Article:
During the 1930s and 1940s, the Insurance Brokers' Association of Illinois, Inc. published The Insurance Broker.
In November 1936, The Insurance Broker featured an article entitled, "What Price Occupational Diseases? Fear and Hysteria vs. Intelligence" authored by C. O. Sappington, a consulting industrial hygienist from Chicago, Illinois. The following are some excerpts:
"In this article it is proposed that we consider briefly some of the current comments taken at random and representing ideas of various types of people and groups; a consideration of what the real trend is; and last, but by no means least, a discussion of the remedy."
"Fear and hysteria regarding Silicosis must be and gradually are being displaced by intelligent efforts directed toward conquering the disease. The problems presented are no more difficult or involved than many other industrial problems."
"Current Comments. - Silicosis is a true occupational disease; this is a point upon which all authorities agree."
"One should not lose sight of the fact that silicosis is not the only occupational disease which may cause disability or which occurs characteristically as the result of specific industrial environmental influences."
"Facts and Trends - Silicosis is an occupational disease of the lungs, contracted by the continuous breathing of fine particles of free silica dust over a considerable period of years. In simple or uncomplicated silicosis, it is now believed that the employee may continue as a useful individual for many years before complete disability occurs, or a grade of disability which prevents continuance of employment. It is important to keep the employee free from infection, particularly tuberculosis, which is a complicating factor and which actually produces disability interfering with working programs.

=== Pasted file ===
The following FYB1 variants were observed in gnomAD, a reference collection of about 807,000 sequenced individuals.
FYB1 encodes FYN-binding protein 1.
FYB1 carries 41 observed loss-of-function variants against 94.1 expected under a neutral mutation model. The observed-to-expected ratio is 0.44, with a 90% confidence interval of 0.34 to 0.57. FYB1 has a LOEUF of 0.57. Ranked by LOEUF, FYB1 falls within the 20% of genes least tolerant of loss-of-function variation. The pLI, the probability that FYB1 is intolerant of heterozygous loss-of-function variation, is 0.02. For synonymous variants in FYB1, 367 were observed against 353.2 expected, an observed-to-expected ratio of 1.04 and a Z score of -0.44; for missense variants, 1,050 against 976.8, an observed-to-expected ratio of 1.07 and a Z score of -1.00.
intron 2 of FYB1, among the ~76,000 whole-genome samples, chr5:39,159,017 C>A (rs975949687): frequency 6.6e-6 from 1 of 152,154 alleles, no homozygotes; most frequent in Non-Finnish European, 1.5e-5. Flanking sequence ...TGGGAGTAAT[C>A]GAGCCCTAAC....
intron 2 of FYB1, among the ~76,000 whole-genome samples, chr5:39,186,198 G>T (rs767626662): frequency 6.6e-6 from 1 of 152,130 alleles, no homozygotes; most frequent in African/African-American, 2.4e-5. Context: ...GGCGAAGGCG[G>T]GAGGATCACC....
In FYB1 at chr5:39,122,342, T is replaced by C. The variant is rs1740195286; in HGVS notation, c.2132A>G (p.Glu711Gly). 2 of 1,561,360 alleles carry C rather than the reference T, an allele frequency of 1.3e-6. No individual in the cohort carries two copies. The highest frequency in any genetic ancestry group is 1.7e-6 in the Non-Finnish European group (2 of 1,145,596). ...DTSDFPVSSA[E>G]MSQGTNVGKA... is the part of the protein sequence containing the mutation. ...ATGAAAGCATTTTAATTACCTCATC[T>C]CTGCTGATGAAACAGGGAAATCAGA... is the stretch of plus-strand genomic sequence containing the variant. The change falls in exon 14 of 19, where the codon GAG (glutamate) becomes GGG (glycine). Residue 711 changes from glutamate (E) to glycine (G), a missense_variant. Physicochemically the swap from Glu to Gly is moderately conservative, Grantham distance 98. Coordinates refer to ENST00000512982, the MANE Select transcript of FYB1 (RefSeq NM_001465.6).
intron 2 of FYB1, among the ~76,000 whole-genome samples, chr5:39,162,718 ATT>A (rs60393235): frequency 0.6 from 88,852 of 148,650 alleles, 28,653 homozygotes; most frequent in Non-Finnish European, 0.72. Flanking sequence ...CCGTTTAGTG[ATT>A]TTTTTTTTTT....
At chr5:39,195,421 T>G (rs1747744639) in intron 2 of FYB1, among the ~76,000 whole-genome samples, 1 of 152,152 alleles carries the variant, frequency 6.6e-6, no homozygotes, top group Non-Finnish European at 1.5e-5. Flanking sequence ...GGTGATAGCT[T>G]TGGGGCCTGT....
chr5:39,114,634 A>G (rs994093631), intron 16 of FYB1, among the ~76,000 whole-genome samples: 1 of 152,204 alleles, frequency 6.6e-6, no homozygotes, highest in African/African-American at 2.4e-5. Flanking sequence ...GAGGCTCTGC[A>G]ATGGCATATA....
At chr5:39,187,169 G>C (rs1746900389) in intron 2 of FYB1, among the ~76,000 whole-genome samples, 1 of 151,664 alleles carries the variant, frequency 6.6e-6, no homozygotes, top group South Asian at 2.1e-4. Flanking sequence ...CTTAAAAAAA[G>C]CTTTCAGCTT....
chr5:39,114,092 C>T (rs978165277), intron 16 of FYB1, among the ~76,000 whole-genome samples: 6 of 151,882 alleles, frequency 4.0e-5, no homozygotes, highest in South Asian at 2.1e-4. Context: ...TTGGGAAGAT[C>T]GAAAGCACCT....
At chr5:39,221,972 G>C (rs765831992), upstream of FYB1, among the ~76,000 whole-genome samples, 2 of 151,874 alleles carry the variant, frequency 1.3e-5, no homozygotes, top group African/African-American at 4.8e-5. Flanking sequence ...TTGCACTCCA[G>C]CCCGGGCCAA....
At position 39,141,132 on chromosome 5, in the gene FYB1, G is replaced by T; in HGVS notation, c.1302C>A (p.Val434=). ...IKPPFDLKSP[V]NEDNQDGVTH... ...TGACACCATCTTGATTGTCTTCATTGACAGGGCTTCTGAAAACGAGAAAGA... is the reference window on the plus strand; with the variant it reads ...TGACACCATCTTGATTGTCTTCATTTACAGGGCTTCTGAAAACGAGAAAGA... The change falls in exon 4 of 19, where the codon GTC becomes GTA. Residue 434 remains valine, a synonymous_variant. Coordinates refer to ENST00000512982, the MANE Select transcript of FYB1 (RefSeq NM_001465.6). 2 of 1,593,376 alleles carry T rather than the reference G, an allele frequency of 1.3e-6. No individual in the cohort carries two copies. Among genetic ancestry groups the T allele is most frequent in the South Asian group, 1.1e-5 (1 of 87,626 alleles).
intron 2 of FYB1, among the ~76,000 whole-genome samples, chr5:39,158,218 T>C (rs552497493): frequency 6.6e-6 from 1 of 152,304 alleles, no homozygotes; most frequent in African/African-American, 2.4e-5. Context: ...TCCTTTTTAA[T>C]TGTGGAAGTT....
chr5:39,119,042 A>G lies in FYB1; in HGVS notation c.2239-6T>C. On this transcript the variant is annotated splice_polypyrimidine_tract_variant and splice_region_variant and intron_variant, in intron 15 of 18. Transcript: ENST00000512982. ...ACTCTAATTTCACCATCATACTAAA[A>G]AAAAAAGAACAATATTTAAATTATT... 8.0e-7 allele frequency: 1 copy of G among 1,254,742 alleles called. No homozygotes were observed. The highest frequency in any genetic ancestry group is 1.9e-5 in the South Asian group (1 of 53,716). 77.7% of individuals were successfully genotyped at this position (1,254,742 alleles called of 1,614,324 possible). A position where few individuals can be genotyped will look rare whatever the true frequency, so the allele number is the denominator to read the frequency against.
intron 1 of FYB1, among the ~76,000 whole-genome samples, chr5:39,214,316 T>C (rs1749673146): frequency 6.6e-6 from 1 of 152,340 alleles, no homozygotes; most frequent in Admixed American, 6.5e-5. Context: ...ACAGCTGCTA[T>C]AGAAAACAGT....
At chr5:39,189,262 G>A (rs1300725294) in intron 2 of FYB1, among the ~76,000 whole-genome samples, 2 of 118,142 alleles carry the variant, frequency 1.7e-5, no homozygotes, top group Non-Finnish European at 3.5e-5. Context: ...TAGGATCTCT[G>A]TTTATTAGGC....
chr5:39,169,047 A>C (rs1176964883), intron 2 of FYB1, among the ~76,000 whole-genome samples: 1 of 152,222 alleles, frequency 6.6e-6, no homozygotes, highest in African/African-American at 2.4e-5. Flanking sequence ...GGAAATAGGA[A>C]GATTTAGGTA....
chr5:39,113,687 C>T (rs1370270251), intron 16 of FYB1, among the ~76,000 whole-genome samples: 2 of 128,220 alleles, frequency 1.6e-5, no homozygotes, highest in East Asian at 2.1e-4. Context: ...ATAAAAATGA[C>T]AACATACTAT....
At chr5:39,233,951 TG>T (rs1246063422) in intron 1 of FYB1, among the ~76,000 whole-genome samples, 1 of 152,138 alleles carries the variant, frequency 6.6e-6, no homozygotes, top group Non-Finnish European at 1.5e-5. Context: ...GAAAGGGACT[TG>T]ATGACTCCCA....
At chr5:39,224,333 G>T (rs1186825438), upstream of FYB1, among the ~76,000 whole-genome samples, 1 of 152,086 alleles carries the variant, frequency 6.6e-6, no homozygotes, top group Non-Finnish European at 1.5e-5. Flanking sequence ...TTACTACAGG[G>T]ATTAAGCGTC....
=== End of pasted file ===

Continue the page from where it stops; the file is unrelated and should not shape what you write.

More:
"The cause of silicosis is the inhalation of finely divided silica dust against which the employee is not properly protected. The effect is the disease which has been described in simple terms above with the resulting disability when complicated by infection.
"The socio-economic implications of silicosis and the other occupational diseases present many difficult problems. In this problem the wise employer has no intention of evading compensation for actual and typical occupational disease, but should not be compelled to pay for non-occupational diseases which have no definite relationship to employment. The employee, on the other hand, should realize the necessity for intelligent cooperation with the employer in the prevention of occupational disease, particularly with regard to the proper use of protective equipment, manufacturing processes, and the handling of materials. The employee has every right to expect that he can labor in the process of making his living without undue industrial hazard, but he may not and should not expect to draw compensation for disability resulting from diseases of non-industrial pursuits.
"The prevention of occupational diseases is the keynote of the entire situation. Needless expense has been incurred by manufacturers and employers from time to time, exceeding greatly in amount, for the payment of claims and lawsuits, the money which could have been used intelligently in the amelioration or elimination of hazards producing occupational disease. The time is past when the employer can adopt an attitude of 'hiding his head in the sand like an ostrich and claiming that no one can see no one.'"
The third page of the article includes a half page ad for the Continental Casualty Company, and the last page of the article includes a half page ad for the Indemnity Insurance Company of North America.